What Means Expendable: The Strange Case of Jon Dette

Jon DetteSo it looks like Dave Lombardo is out of Slayer. Again. It seems he was dismissed from the band after investigating their finances and wondering why he was not getting paid. Interestingly, Slayer frontman Tom Araya was also part of this fact-finding mission, yet he was allowed to keep his job. While there are many layers to this, to me it reeks of a double standard for drummers, who are increasingly treated as an easily replaced commodity among heavy bands. Which leads me to the dark and mysterious past of Lombardo’s current replacement, Mr. Jon Dette.

Who the shit is Jon Dette, you ask? Good question. During the mid-1990s, thrash bands were shedding members left and right, particularly drummers. Some started playing alternative rock, some went to rehab, some just quit music entirely. The remaining members still needed to pay the bills, and therefore it was necessary to keep the band going, regardless of who was still in the lineup. This created an urgent need for replacement drummers, a need which was generally filled by one of the following two people: Paul Bostaph (ex-Forbidden) and Jon Dette, who originally came from the band Evildead.

Between 1994-1998, it was fucking impossible to keep track of which bands these two guys were playing with. Bostaph played with more bands overall, but also tended to quit them very quickly, which put Dette in the position of replacing Bostaph more than once. Dette kept the throne warm for Bostaph in Slayer, briefly, while Bostaph pursued his earth-shatteringly successful project The Truth about Seafood (nice career move, dude). And the two of them actually replaced each other several times in the ’90s-era lineup of Testament.

Eventually, the dust settled. Bostaph returned to Slayer and stayed put until Lombardo returned in 2003, after which he did an album with Exodus, and then went back to Testament (again). After his brief tenure with Slayer in 1996, though, Dette’s trail goes cold. And unlike Bostaph, who appeared on some of thrash metal’s lesser albums, Dette made no studio appearances at all during this time. In fact, other than a live album with Testament, Live at the Fillmore, there is almost no record of Jon Dette ever being involved with two of thrash’s most heavyweight bands. As the new millennium dawned, most metal bands cashed in on nostalgia and attempted to reunite their original lineups. In this reunion-centric era, there was no place for professional replacements like Dette.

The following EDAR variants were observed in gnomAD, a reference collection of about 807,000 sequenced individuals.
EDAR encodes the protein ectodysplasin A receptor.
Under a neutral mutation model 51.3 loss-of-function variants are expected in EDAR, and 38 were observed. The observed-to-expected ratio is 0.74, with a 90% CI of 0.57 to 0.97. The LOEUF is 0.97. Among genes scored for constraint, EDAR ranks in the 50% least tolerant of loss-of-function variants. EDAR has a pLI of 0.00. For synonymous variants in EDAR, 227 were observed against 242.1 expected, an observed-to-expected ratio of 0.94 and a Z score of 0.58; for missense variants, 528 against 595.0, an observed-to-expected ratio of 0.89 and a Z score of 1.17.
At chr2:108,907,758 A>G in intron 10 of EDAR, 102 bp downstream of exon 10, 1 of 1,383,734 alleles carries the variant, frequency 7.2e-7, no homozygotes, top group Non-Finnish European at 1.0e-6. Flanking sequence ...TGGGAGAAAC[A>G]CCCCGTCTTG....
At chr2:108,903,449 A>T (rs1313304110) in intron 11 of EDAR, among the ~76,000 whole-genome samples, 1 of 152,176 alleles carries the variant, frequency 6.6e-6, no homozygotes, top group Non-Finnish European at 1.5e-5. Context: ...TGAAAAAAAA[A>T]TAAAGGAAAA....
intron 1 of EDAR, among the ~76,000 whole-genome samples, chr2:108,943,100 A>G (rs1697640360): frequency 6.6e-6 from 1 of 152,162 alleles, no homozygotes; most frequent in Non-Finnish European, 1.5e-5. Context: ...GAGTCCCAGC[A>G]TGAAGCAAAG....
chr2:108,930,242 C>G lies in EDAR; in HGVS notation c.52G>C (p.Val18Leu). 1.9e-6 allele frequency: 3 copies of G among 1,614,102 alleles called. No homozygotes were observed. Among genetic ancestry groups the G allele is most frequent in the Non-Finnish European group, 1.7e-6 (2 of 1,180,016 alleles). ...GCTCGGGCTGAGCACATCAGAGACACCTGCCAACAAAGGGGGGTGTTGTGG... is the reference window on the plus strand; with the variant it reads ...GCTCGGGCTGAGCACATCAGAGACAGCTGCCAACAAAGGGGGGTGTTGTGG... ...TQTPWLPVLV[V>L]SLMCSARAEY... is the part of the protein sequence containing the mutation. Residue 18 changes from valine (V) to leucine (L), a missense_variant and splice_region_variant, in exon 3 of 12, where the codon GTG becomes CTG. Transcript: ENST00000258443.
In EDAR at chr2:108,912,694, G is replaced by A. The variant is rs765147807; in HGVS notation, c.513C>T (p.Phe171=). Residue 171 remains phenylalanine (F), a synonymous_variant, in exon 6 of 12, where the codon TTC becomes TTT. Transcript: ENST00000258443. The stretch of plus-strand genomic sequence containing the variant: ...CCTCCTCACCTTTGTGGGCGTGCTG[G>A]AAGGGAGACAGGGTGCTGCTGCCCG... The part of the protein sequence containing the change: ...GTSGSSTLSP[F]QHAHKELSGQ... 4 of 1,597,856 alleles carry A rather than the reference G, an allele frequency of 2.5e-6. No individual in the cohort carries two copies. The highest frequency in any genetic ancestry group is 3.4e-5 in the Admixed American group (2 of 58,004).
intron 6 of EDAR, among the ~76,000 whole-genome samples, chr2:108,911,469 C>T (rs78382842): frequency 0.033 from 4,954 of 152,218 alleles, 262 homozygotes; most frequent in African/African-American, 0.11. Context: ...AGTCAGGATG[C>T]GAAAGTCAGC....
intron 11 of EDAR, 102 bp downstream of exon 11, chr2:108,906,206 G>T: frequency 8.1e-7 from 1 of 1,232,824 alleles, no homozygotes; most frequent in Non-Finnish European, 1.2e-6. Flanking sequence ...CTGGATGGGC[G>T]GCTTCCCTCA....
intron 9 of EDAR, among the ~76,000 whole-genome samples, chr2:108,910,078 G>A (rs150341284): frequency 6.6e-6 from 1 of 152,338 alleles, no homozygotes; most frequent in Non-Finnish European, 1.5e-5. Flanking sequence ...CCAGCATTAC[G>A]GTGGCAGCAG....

Other than a few small projects, things were pretty quiet for Dette until just last month. It was announced that Anthrax had hired him to fill in for Charlie Benante on an Australian tour, while Benante sorts out whatever his problem is. Conveniently, one of the Australian dates is the Soundwave Festival, which also features the newly drummer-less Slayer. Guess who’s already in the building and knows a bunch of Slayer songs? You guessed right. Given that Slayer originally fired Dette over “personal differences,” I can only imagine that the current situation is pretty tense for all involved.

Could this be a new beginning for Dette? Perhaps a shot at appearing on a studio album, and proving once and for all what he’s capable of? Who knows. Given all the outrage over Lombardo’s firing, Slayer might just take him back (where the fuck were all you people in 1994?!). And I highly doubt that anyone will ever play drums on an Anthrax record other than Benante. Regardless of where this may lead, 2013 marks the comeback of one of metal’s ultimate replacement musicians, and one of the best drummers you’ve probably never heard.

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